Against trade unions, for fascism

Once again the Iraqi Federation of Trade Unions are being attacked by some ‘leftists’ for being the wrong kind of trade unionists and the wrong kind of Iraqis.

Because they choose to engage in building a democratic society in which they will claim a strong role for workers’ organisations and refuse to support a ‘resistance’ who have killed an estimated 12,000 Iraqis over the past 18 months they are labelled collaborators with imperialism’ and progressives are being urged to reject any solidarity with them.

Alan Johnson of Labour Friends of Iraq dissects the latest anti-IFTU campaign which this time is finding voice in the US and defends the strategy of the Iraqi trade unionists:

The IFTU has decided to spurn violence, and to work for a swift withdrawal of troops as part of the UN-backed political process. This, and this alone, condemns the IFTU in the eyes of some extremists. For Ramadani-Sustar anyone who supports the UN-backed political process and timetable (elections to a constituent assembly in January 2005, a constitutional referendum in October and further elections in December 2005) is a collaborator and a quisling. For Sustar anyone who stops this process with bombs is an ‘anti-imperialist’ to be supported unconditionally. Every act of critical engagement in the political process, every act of wary participation in its timetable and institutions by the IFTU, every effort to use the political process on behalf of its members, is an act of ‘treachery’ and ‘collaboration’ with the ‘imperialists’.

But ask yourself, are Sustar-Ramadani right? Think about the situation in Iraq. Is the IFTU policy really treachery? Put yourself in their shoes. You are building a union while crawling from the wreckage of three decades of totalitarian repression, your country is occupied by US-UK troops who deny sovereignty but hold back a fascistic Saddamist-violent Islamic Fundamentalist attempt to block democracy and re-impose tyranny. Of course you will seek to critically support the UN-backed political process, codified in UN Security Council Resolution 1546! After all, this political process is backed not only by the United Nations and the international community but also by the Kurds (who see it as the road to a federal Iraq), the Shia and by many Sunni. It is backed by the democratic Iraqi political parties. And, yes, it is also backed by the Iraqi Communist Party, and the democratic left. It provides for elections, a constitution and a feasible way to get your country back from both the US and the Saddamists.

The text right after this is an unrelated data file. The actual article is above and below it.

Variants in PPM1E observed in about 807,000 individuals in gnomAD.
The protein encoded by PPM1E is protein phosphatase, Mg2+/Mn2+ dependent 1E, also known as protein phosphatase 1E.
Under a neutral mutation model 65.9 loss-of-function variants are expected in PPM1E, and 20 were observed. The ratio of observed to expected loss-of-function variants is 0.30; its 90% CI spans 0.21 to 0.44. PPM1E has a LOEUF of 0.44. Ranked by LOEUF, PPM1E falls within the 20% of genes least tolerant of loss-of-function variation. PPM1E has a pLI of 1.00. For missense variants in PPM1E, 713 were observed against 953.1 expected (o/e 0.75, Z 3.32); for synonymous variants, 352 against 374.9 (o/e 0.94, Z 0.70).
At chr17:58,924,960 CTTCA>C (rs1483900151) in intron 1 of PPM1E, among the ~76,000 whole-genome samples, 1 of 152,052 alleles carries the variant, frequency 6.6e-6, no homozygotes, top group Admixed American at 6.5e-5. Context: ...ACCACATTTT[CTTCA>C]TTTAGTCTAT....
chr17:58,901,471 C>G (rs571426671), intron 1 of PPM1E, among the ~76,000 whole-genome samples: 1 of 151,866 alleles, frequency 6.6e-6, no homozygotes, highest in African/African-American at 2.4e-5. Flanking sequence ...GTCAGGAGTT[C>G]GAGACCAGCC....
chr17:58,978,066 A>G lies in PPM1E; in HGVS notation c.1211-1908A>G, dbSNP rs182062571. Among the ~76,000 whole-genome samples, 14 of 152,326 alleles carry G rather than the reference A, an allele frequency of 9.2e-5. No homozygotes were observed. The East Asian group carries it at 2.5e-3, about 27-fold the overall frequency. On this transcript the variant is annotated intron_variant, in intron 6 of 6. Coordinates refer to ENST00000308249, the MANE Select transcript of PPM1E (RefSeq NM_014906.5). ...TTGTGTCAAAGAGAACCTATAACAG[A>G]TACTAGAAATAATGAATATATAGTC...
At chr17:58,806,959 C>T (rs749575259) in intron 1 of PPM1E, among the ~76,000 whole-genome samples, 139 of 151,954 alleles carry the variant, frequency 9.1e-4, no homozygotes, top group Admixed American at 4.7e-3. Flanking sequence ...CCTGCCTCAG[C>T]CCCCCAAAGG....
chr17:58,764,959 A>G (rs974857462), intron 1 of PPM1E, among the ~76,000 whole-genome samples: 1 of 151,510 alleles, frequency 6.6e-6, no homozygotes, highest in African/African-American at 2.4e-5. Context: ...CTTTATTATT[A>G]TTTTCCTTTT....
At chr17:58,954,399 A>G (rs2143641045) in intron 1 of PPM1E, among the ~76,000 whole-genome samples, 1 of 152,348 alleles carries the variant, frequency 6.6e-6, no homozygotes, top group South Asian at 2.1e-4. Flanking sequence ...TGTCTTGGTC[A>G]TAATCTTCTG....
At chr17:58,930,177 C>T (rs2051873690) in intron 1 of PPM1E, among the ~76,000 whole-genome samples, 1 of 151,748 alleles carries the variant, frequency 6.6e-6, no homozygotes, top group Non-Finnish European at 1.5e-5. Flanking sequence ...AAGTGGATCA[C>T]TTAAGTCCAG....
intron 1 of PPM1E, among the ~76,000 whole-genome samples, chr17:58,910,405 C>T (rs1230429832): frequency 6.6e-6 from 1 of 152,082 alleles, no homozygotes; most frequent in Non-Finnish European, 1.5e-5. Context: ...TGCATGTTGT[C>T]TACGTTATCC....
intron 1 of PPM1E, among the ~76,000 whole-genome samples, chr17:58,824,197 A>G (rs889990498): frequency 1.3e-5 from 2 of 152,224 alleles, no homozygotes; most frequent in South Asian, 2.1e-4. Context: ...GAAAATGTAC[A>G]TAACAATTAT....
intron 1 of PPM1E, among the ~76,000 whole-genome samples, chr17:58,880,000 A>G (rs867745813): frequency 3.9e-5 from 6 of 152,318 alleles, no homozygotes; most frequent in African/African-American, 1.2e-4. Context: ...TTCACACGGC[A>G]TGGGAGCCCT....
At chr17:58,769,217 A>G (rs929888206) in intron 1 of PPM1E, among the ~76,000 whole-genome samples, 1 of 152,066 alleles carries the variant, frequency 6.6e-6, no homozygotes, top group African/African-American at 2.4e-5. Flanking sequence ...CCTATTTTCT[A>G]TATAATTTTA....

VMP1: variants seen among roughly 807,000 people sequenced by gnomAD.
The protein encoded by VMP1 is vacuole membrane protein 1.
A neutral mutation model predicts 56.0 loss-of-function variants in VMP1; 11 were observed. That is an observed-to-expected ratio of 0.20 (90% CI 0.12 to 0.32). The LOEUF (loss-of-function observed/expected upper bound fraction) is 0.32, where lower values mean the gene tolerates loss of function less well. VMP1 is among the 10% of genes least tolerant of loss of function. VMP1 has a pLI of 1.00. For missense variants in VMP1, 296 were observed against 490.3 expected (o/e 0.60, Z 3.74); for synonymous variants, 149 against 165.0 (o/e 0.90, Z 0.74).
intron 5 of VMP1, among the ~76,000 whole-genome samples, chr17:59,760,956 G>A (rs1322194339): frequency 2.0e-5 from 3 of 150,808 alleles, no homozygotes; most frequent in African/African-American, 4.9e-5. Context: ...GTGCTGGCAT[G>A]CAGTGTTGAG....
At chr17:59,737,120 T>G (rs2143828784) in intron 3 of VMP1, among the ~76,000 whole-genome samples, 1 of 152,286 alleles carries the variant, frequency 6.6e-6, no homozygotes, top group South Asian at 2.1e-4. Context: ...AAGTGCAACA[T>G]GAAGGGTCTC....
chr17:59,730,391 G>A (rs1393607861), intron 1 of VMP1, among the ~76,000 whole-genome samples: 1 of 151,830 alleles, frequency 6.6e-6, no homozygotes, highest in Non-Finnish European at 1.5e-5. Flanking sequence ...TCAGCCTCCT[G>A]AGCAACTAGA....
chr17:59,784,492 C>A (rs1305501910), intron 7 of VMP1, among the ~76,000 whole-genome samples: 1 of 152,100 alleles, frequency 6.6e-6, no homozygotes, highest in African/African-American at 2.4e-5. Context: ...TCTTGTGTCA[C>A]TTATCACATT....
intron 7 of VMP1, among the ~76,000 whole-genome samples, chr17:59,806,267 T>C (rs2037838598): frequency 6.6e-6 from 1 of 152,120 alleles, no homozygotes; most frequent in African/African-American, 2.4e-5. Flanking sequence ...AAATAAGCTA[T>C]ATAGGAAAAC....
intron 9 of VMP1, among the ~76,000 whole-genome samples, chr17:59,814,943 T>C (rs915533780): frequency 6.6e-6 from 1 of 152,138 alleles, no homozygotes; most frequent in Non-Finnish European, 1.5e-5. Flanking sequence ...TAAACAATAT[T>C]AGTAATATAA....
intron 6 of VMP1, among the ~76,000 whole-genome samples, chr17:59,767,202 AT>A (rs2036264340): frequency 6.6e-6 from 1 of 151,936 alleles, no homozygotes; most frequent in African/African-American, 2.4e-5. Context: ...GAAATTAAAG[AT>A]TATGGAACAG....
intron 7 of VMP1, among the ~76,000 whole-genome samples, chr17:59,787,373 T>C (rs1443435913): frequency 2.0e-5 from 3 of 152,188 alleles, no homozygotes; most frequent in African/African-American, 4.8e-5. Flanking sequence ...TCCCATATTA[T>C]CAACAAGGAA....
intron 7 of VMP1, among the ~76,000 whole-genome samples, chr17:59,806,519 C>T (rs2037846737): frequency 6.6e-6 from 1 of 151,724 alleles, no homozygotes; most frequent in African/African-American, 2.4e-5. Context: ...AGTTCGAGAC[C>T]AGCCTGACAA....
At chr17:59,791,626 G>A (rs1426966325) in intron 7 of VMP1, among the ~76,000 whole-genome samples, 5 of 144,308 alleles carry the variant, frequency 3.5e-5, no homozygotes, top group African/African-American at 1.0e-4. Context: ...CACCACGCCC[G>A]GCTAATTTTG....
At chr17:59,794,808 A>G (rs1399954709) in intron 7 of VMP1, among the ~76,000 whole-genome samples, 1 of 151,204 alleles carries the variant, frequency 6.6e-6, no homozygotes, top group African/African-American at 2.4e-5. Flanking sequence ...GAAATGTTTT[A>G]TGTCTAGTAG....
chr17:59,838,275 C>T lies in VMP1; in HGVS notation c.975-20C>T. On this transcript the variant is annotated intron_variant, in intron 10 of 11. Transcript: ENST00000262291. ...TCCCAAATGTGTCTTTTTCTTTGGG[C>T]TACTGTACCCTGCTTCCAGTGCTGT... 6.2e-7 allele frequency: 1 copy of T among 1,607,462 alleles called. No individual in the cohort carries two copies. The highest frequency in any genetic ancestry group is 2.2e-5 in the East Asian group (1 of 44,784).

And ask yourself, can all these forces – the great majority of Iraqis – really be mistaken? Can they all be ‘quislings’? Wouldn’t that mean that Iraq is some kind of ‘quisling nation’ that has to be brought back to the ‘anti-imperialist’ straight and narrow by foreign jihadi suicide bombers and ex-Saddamist thugs? This is the logic of the Ramadani-Sustar-Callinicos view.

Have a read of it all if you want to find out what Iraqi trade unionists are struggling to achieve in Iraq and why a section of the western left backs their fascist enemy.

There is a space for common ground between people who, like Alan Johnson, opposed the war in Iraq and those of us who rejected the anti-war movement outright from the begining. The common ground is, of course, the terrain of solidarity and support for the labour movement and democrats in Iraq.

But there simply is no common ground with those who back the murderers of those democrats and trade unionists and the slaughter of thousands of ordinary Iraqi civilians.

Yes, it is only a small minority of the left who actually raise their voice in support of the Saddamite-Islamist death squad alliance against democracy but the problem has always been that this small minority are, in the UK at least, in the leadership of the anti-war movement.

There have been some in the anti-war wing of the British labour movement, most noticably Mick Rix, who have stood up and against such betrayal but show me a mainstream Guardian column-writing anti-war figure who has come out against supporting the death squads and has clearly and unequivocally criticised the anti-war movement for supporting the fascists?

That’s the problem and it is why those of us on the democratic left should never shy away from exposing and opposing not only the SWP but also the likes of Galloway, Tariq Ali, John Pilger and the rest who remain, for so much of mushy leftish anti-war opinion, perfectly acceptable representatives of their movement.